Job interviews are often a stressful time. It is not something we do very often (if we are fortunate) and many people have a tough time talking themselves “up” to others because they are concerned about bragging. The job interview is the one place where you must temper your modesty and present yourself and your achievements with confidence and passion.
With 9% unemployment and four generations in the workforce, experienced workers may have to update their interviewing skills to win today’s jobs. Here are a few insider secrets to help you on your next interview.
With hundreds or maybe even thousands of applicants for a single opening, HR recruiters have to narrow the field to the most qualified candidates based on the skills they “must” have and the skills it would be “nice to have”. Many larger companies and staffing agencies use an applicant tracking systems to help them find the most qualified candidates to move forward in the interview process. They enter search criteria based on the essential job “musts” for the best candidates to surface. (See the August 6 post, “Successful Online Job Search Techniques”).
- Larger corporations may have several questions online that you must answer before submitting your resume as their prescreening tool
- Other companies may have a staff member call and ask 7-10 questions related to the position.
- The trend is toward group interviews for more entry level positions. Hiring managers can observe your interpersonal skills, how you get along with others and your social skills in this format. After the group interviews, individual interviews are scheduled.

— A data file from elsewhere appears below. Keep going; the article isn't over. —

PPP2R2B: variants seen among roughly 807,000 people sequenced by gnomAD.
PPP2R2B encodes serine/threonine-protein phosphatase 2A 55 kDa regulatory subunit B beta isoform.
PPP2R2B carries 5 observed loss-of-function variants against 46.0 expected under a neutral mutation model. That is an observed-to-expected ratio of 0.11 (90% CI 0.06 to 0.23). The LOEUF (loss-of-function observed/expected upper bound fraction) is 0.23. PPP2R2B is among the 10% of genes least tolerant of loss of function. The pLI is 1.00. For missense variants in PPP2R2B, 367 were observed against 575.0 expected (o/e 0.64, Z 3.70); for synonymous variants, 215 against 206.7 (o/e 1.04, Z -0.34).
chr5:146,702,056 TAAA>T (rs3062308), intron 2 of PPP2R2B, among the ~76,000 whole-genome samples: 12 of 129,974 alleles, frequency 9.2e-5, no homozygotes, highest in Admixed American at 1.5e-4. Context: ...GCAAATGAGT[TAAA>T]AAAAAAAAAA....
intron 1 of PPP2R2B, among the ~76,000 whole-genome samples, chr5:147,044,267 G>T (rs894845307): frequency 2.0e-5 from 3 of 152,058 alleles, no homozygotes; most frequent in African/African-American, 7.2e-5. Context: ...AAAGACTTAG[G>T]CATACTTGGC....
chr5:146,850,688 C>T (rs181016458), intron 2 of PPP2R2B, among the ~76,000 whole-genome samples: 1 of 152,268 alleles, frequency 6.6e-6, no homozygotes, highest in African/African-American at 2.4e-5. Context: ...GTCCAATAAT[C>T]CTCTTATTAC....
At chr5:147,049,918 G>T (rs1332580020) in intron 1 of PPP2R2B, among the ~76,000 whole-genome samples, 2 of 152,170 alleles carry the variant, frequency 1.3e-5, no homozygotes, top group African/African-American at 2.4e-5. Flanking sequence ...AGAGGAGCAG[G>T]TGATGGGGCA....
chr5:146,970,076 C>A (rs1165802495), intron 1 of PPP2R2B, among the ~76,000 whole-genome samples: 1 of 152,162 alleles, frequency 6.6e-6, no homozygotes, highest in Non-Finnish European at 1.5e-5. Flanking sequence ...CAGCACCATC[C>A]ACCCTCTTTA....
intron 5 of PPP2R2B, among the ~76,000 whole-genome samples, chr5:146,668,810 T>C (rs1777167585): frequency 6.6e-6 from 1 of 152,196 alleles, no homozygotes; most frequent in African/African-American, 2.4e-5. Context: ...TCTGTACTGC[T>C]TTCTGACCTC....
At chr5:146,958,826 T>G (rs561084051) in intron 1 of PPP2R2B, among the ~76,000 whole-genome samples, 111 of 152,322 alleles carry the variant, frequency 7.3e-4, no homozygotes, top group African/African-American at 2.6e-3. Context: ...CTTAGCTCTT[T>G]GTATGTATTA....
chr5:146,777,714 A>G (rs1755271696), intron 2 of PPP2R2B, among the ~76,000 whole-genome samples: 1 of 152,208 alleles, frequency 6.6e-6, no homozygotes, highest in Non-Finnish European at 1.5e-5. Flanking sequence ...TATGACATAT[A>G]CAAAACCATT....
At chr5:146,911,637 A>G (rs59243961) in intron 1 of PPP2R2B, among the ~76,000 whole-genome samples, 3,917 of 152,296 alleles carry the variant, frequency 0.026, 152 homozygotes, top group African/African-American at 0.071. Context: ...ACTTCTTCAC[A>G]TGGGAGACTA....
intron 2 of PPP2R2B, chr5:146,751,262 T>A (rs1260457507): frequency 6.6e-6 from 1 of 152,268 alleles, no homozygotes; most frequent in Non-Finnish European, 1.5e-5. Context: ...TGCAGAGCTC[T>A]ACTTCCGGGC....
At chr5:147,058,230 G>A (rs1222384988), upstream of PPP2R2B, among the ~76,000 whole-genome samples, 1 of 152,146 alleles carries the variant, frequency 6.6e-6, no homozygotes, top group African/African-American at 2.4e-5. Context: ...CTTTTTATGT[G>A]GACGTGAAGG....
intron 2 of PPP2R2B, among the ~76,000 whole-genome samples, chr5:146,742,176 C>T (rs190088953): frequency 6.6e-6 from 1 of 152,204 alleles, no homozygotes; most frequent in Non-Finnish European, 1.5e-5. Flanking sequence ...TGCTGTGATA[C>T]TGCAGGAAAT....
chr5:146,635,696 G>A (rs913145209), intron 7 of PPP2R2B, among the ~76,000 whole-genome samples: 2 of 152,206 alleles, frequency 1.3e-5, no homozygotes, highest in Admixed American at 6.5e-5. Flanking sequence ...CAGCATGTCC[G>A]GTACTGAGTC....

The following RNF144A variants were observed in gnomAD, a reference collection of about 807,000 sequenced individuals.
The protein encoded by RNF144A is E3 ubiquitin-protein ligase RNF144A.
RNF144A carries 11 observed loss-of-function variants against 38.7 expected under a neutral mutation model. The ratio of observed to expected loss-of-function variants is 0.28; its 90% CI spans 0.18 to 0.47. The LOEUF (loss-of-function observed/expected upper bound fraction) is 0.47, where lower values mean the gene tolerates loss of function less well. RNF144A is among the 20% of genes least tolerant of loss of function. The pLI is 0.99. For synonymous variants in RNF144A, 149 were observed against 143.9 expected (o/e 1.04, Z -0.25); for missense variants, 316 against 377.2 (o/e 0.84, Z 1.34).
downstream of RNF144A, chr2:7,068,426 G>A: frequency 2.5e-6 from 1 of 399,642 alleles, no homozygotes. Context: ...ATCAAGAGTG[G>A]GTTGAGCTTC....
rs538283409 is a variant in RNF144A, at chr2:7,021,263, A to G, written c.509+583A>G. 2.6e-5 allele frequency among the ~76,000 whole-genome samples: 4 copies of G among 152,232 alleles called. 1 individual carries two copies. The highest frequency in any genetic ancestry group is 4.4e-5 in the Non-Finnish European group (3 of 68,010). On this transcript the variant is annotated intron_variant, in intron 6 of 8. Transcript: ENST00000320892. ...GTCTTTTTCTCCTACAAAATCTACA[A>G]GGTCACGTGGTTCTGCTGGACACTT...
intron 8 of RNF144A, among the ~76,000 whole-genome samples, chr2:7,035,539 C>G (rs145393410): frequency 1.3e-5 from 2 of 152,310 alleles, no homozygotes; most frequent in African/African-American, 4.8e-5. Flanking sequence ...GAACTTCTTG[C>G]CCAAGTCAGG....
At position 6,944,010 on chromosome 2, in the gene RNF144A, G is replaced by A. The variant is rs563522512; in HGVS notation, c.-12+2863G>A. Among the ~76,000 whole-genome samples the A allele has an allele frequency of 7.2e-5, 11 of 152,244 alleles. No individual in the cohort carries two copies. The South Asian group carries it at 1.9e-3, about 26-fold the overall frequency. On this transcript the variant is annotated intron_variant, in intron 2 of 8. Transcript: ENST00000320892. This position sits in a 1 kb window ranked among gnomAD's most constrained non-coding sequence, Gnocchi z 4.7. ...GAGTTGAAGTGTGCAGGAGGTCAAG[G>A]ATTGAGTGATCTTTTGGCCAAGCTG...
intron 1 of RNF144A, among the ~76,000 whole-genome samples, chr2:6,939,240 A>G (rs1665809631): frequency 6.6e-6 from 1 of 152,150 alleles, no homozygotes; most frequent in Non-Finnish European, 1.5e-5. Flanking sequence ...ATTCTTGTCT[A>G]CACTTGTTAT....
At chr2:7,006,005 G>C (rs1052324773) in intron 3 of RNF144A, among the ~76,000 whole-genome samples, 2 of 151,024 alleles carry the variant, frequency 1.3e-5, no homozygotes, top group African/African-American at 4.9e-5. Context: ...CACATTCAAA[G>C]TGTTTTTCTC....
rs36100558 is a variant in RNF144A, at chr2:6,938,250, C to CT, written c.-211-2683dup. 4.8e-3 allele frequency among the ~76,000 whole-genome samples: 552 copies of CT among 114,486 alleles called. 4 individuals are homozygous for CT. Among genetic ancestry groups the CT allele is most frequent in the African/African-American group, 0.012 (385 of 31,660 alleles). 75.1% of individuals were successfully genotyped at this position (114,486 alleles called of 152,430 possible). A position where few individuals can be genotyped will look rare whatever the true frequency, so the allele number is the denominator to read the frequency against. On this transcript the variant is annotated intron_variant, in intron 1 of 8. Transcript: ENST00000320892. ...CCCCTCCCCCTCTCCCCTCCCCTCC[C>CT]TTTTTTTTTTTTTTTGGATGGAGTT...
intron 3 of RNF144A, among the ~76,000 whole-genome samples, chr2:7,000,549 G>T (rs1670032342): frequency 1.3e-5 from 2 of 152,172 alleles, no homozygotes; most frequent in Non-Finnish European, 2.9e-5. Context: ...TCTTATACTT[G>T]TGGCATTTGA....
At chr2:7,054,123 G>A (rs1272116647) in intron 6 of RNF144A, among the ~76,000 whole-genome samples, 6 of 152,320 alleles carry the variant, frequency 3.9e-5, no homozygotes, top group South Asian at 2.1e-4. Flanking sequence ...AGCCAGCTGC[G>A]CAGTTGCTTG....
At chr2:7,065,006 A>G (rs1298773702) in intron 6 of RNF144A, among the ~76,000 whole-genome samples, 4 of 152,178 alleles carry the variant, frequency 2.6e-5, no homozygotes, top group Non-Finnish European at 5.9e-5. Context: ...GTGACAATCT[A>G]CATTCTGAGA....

The Phone Interview:
After surviving the first round of elimination during the pre-screening, now you are ready for the phone interview. Your phone interview is Numero Uno in moving pass the gatekeepers to meet the hiring manager face-to-face. These interviews usually take place with a Human Resources recruiter. Some of their biggest complaints include candidates giving a phone number that doesn’t work or low batteries on a cell phone that disconnects mid-interview or the candidate who forgot about the interview and the recruiter heard dogs barking a blaring TV & babies crying in the background. Take the telephone interview seriously; many job-seekers take this step too lightly. Remember it is critical to securing that all important face-to-face interview.
- Project an enthusiastic tone over the telephone
- Don’t ramble on & on—keep your answers succinct and relevant
- Keep your examples current, in the last 1-4 years
- Do not mention anything age-related or make a joke about being older
- Have a three well-thought out questions ready for the interviewer
If you’ve made it this far, the job could easily be yours. As you prepare for this stage of the interview process unless you are interviewing for a position with a small business, you should expect a series of interviewers. Make sure you are well-rested and prepared for a long day (which also shows the interviewers your stamina).
- First impressions are key—err on the side of conservatism: being dressed appropriately, firm-but not overbearing handshake, maintain eye contact without have a ‘stare down’ & BE ON TIME!!
- Answer questions directly without getting distracted or going off onto a tangent
- Assure each interviewer that you meet or exceed the required criteria for the role and ask them if they would support you for the role—if not, handle any objection they mention in a non-defensive, non-hostile way
- Send a thank you e-mail to each interviewer and confirm your interest in the position and mention a line about how you will add value to the role